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Original author: 
Sean Hollister

2013-05-17_07-08-36-1020_large

Three months ago, celebrated video game publisher Valve did something completely out of character: it fired up to 25 workers, in what one employee dubbed the "great cleansing." At the time, co-founder Gabe Newell quickly reassured gamers that the company wouldn't be canceling any projects, but it just so happens that one project managed to get away.

Valve was secretly working on a pair of augmented reality glasses... and those glasses are still being built by two Valve employees who lost their jobs that day.

"This is what I'm going to build come hell or high water."

Former Valve hardware engineer Jeri Ellsworth and programmer Rick Johnson spent over a year working on the project at Valve, and have been putting in six days a week, 16+...

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Shigenori Soejima Art Works 2004-2010


Shigenori Soejima is the character designer at Atlus, the Japanese video game publisher.

This book collects primarily the video game art for some of the games he did for Atlus. They are Persona 3, Persona 3 FES, Persona 3 Portable, Persona 4, Stella Deus and a small section of his non-video game works. Catherine is not included as it came out in 2011.

This book is actually the translated edition of the original Japanese book 副島成記 ART WORKS 2004-2010 that was published in 2010. The difference here is there's no translucent dust jacket.

The illustrations are beautiful. I like the manga style, the line work and the colours. The interview actually explains the difference between anime and manga style, such as the use of cast shadows instead of tone shades. The coloured illustrations are all printed full page while the opposite pages are mostly wasted white space by printing the accompanying line art at only quarter page size. There are several two-page artworks that are quite difficult to see because they are printed across the gutter. One rather good piece is split at the character's nose.

The lengthy interview is a good read. Shigenori Soejima talks about how he got started drawing, the influences he has, design concepts, and all the other work he did at Atlus that were not published. He actually contributed to a lot of games but only those that had artwork are included in this book.

Much of the work in the book were actually collected in other Japanese art books dedicated to the games themselves, such as ペルソナ3 公式設定資料集 (Persona 3 Official Design Works) and ペルソナ4 公式設定画集 (Persona 4 Official Design Works), both which Udon will also be translating. The duplication is extensive. So, you can either get two of the video game art books, or just this book.

Shigenori Soejima Artworks SC is available at Amazon (US | CA | UK | DE | FR | IT | ES | JP | CN) and Book Depository (US | UK)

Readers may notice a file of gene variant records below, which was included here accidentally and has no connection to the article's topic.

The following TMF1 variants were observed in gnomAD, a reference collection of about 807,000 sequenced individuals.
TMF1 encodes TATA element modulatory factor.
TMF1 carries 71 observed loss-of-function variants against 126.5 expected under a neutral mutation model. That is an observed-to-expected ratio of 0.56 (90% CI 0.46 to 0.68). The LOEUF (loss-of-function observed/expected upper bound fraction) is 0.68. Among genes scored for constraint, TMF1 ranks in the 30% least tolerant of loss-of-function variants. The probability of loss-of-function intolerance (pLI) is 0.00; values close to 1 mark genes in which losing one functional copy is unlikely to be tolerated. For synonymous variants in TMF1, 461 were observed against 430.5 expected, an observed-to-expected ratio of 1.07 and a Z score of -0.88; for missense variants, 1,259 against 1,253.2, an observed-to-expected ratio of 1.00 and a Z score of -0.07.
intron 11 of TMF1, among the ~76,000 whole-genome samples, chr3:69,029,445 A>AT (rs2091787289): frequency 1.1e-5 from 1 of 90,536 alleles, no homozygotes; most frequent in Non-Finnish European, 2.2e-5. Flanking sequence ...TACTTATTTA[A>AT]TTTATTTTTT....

Shigenori Soejima Art Works 2004-2010

Shigenori Soejima Art Works 2004-2010

Shigenori Soejima Art Works 2004-2010

Shigenori Soejima Art Works 2004-2010

Shigenori Soejima Art Works 2004-2010

Shigenori Soejima Art Works 2004-2010

Shigenori Soejima Art Works 2004-2010

Shigenori Soejima Art Works 2004-2010

Shigenori Soejima Art Works 2004-2010

Shigenori Soejima Art Works 2004-2010

Shigenori Soejima Art Works 2004-2010

Shigenori Soejima Art Works 2004-2010

Visit Amazon to check out more reviews.

If you buy from any links on the blog, I get a little commission that helps me get more art books to feature.

This book is available at:
Amazon.com | Amazon.ca | Amazon.co.uk | Amazon.de | Amazon.fr | Amazon.it | Amazon.es | Amazon.co.jp | Amazon.cn | Bookdepository.com | Bookdepository.co.uk

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Standards-based open Web technologies are increasingly capable of delivering interactive multimedia experiences; the kind that used to only be available through plugins or native applications. This trend is creating new opportunities for gaming on the Web.

New standards are making it possible for Web applications to implement 3D graphics, handle input from gamepad peripherals, capture and process audio and video in real-time, display graphical elements in a fullscreen window, and use threading for parallelization. Support for mobile gaming has also gotten a boost from features like device orientation APIs and improved support for handling touchscreen interaction.

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What is the role of "Narrative Designer"? How is it defined in the AAA-games sector, and how does it differ from the role of game writer? I attempt to answer these questions with a simple comparison of job descriptions.

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